Nevertheless, the Likud persisted with its hawkish approach until right before the vote. In the end, it was Gantz who saved both parties. Shortly before midnight, he offered a compromise by which tuition funding in the bill would be increased to 75%. Knesset members from the Likud absented themselves from the vote and the law passed.
So, who won? Both sides claim that they came out ahead. “We did it,” tweeted Prime Minister Naftali Bennett.
Netanyahu responded with a tweet of his own, saying, “Dear soldiers, thanks to our concerted effort, funding went up to 75%. When we return to power, it will be 100%. We love you."
The bottom line is that both sides compromised, having realized that this fight only ended up hurting both of them. Instead, each of them could present the kind of victory that would help them with their base.
When the dust settles in the Knesset, however, the real picture becomes much more apparent. The coalition is in a state of chronic crisis. It survives from day to day, because it doesn’t have a majority even after the return of Rinawie Zoabi. In other words, it is effectively paralyzed. When it comes to certain laws pertaining to the IDF and security, it can no longer rely on itself. Evidently, this situation cannot last for long. It forces the coalition to fight for its survival on a weekly basis.
Furthermore, even after Rinawie Zoabi’s surprising decision, there is no guarantee that she will not quit again. She did not show up to the Meretz party meeting May 23, and she did not vote to support the Scholarships bill.
During this crisis, Bennett was weakened in many other ways, too. On May 23, a senior official in the prime minister’s office, Chief of Staff Tal Gan-Tzvi, stepped down after serving Bennett loyally for the past decade. Gan-Tzvi was his political enforcer. This followed the resignation of Bennett’s political adviser Shimrit Meir on May 13.
As of now, the prime minister of Israel has no functioning office. To make matters worse, he is not gaining any momentum in the polls, his party is facing an existential crisis, and it looks like the most powerful person in the government is actually Lapid. It was the latter's efforts that brought Rinawie Zoabi back into the coalition, resolving the crisis for now.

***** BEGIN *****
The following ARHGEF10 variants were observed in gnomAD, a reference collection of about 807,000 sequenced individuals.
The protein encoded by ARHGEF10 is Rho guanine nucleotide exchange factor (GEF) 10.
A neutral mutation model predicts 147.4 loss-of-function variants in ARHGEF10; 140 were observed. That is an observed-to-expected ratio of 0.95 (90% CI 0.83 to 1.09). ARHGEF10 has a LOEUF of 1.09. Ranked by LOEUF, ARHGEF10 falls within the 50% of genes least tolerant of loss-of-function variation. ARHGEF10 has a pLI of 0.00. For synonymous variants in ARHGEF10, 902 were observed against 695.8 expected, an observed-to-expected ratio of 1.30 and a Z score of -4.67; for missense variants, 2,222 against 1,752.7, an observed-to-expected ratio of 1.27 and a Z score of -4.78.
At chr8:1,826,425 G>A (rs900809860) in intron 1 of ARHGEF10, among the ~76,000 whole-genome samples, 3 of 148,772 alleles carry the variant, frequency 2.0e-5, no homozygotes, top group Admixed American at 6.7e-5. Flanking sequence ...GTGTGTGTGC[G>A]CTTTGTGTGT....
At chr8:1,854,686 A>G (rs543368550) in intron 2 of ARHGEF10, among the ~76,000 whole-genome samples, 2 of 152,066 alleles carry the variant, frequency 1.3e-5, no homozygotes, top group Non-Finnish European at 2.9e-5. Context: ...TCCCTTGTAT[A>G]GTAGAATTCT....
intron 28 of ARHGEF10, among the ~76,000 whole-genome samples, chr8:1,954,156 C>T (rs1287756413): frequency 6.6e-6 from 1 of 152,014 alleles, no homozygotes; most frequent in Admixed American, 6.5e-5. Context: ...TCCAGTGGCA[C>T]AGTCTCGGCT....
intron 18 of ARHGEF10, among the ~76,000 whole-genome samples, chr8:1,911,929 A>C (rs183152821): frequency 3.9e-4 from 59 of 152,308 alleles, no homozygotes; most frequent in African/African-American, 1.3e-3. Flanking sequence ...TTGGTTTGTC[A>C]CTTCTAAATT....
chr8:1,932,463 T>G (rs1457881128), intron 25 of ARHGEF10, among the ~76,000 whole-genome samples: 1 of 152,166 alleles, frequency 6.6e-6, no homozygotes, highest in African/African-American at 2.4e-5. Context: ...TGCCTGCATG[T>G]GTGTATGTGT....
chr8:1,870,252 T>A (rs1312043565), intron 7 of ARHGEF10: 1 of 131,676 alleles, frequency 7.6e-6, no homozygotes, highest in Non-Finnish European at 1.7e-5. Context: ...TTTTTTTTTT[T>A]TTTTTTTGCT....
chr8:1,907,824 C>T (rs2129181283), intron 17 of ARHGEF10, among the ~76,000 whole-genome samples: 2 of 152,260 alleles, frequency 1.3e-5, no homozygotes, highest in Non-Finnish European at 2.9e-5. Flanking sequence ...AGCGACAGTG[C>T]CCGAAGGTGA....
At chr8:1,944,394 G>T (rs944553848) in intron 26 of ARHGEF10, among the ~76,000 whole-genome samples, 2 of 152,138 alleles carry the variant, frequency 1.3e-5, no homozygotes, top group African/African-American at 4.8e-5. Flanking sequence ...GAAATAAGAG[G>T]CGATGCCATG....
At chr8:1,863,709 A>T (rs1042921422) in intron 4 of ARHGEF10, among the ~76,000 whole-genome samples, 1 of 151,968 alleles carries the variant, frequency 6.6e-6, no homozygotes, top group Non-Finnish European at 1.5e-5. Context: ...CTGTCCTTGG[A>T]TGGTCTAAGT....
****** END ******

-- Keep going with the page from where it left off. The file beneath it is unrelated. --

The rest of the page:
While the opposition led by Netanyahu has not yet managed to bring the government down, time is on its side as long as it remains united. The former prime minister is still performing well in the polls, the Likud is still the largest party in the Knesset and by a wide margin at that, and polls suggest that it would win 35-36 seats if an election was held now. In contrast, Bennett’s party would win six seats on a good day. It is good polling stats that help Netanyahu keep the opposition bloc of right-wing parties and the ultra-Orthodox intact.
Behind closed door, the leaders of the coalition are well aware that they are living on borrowed time. They are just trying to postpone the inevitable. A fight between Bennett and Lapid over who will head the transition government is also brewing behind the scenes. Based on the coalition agreement, if the left-wing parties or Ra’am cause the government to fall, Lapid will not become prime minister. For him to enter the most important office in the country, it will have to be the right-wing parties that bring the coalition down.
Israel’s political crisis continues. The way it seems now, the nonconfidence vote scheduled for May 25 will be postponed. But that does not mean it will not be rescheduled for the very near future.